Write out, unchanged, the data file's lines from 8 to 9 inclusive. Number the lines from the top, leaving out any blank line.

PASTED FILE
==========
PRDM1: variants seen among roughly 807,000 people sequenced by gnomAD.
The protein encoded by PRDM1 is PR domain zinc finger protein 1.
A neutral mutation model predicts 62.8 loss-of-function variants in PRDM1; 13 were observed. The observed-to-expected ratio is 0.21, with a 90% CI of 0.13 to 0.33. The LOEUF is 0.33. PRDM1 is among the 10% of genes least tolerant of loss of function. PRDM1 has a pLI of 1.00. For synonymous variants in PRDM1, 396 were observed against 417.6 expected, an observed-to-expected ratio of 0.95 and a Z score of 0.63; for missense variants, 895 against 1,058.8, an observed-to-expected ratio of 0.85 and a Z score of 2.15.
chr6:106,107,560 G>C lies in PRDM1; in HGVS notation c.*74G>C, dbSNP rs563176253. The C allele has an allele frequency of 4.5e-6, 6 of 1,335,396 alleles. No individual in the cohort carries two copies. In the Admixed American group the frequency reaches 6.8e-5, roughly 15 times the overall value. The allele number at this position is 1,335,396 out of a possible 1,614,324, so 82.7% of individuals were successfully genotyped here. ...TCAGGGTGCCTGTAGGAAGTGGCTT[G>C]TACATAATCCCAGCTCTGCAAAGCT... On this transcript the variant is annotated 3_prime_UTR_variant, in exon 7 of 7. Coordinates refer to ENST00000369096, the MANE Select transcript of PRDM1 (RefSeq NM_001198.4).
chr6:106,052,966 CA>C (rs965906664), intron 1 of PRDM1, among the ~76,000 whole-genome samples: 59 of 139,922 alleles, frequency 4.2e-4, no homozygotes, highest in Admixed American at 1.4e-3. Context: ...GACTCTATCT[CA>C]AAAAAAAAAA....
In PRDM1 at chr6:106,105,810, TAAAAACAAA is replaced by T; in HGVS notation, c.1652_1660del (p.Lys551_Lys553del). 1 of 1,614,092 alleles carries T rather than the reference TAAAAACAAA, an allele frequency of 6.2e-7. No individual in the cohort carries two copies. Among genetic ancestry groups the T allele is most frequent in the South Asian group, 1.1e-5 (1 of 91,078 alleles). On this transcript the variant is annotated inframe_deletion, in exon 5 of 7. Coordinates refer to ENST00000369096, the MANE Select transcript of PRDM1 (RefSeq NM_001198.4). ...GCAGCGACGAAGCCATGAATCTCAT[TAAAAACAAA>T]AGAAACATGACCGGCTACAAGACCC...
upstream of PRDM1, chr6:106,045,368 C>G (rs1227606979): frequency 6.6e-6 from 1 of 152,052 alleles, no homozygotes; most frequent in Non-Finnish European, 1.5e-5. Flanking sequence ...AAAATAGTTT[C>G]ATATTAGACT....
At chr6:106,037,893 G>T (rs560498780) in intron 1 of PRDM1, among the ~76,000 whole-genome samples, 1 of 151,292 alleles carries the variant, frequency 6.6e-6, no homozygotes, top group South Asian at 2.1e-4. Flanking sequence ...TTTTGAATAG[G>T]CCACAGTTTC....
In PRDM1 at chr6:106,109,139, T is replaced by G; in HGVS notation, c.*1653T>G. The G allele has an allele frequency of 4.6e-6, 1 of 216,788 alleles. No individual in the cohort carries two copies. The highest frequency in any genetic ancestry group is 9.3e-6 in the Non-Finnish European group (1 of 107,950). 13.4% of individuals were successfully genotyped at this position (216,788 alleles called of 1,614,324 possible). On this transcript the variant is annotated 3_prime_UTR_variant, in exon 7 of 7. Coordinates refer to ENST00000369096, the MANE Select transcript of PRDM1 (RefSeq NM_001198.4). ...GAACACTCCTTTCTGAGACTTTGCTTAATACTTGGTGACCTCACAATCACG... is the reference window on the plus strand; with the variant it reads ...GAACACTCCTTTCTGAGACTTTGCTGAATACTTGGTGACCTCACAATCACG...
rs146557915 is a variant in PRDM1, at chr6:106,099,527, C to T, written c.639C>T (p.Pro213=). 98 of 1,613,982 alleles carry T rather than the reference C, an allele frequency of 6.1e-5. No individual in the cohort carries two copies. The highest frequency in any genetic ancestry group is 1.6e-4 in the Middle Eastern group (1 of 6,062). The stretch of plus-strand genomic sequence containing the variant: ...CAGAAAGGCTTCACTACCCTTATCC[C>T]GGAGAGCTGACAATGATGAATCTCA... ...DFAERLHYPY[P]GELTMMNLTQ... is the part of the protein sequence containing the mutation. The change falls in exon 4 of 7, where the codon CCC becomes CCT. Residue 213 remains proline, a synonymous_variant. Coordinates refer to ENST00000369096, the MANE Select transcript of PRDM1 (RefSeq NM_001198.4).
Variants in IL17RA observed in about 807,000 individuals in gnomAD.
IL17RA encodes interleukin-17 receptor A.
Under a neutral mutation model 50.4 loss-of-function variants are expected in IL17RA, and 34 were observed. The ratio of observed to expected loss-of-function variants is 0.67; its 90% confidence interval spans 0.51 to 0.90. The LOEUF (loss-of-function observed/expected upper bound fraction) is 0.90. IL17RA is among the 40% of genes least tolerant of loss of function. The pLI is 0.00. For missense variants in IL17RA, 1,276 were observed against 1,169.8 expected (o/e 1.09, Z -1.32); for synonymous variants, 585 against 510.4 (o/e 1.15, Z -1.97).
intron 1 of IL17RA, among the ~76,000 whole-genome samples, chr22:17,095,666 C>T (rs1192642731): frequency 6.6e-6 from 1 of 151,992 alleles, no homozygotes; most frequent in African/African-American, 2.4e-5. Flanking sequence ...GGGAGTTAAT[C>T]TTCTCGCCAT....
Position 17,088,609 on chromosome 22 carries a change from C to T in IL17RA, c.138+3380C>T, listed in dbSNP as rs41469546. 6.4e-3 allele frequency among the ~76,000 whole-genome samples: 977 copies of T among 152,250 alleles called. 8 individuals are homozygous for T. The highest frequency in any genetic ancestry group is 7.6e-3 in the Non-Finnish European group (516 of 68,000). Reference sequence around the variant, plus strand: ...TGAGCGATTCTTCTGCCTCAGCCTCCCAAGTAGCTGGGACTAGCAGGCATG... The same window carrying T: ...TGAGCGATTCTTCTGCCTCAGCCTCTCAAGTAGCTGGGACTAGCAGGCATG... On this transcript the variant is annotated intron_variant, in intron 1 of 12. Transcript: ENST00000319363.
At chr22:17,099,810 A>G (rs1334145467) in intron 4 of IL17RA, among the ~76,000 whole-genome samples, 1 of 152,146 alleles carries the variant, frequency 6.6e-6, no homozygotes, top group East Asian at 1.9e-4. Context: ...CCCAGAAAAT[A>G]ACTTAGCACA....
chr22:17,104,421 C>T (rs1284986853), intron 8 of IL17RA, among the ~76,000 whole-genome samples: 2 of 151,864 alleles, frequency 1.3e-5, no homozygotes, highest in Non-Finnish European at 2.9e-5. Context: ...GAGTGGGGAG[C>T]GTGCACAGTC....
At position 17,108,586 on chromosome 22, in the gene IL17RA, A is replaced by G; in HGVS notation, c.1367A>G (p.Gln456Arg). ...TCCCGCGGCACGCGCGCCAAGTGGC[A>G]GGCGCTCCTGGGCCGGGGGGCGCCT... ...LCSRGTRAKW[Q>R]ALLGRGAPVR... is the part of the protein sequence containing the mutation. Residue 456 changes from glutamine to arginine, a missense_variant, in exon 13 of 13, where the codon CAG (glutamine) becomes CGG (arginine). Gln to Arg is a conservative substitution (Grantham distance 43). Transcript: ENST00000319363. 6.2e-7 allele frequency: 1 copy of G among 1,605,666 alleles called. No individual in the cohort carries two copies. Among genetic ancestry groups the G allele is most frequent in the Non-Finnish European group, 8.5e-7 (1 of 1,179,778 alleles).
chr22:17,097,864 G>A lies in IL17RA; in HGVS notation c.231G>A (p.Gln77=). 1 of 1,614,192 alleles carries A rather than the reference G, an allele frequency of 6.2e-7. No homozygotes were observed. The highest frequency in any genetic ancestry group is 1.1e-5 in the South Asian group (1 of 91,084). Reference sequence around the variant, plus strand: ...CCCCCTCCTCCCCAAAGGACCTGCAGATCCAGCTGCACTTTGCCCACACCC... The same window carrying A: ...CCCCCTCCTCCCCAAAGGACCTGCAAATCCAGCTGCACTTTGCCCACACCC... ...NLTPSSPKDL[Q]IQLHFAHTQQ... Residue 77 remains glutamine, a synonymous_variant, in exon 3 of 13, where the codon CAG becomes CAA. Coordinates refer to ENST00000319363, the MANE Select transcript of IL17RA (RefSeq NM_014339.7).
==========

At chr6:106,037,893 G>T (rs560498780) in intron 1 of PRDM1, among the ~76,000 whole-genome samples, 1 of 151,292 alleles carries the variant, frequency 6.6e-6, no homozygotes, top group South Asian at 2.1e-4. Flanking sequence ...TTTTGAATAG[G>T]CCACAGTTTC....
In PRDM1 at chr6:106,109,139, T is replaced by G; in HGVS notation, c.*1653T>G. The G allele has an allele frequency of 4.6e-6, 1 of 216,788 alleles. No individual in the cohort carries two copies. The highest frequency in any genetic ancestry group is 9.3e-6 in the Non-Finnish European group (1 of 107,950). 13.4% of individuals were successfully genotyped at this position (216,788 alleles called of 1,614,324 possible). On this transcript the variant is annotated 3_prime_UTR_variant, in exon 7 of 7. Coordinates refer to ENST00000369096, the MANE Select transcript of PRDM1 (RefSeq NM_001198.4). ...GAACACTCCTTTCTGAGACTTTGCTTAATACTTGGTGACCTCACAATCACG... is the reference window on the plus strand; with the variant it reads ...GAACACTCCTTTCTGAGACTTTGCTGAATACTTGGTGACCTCACAATCACG...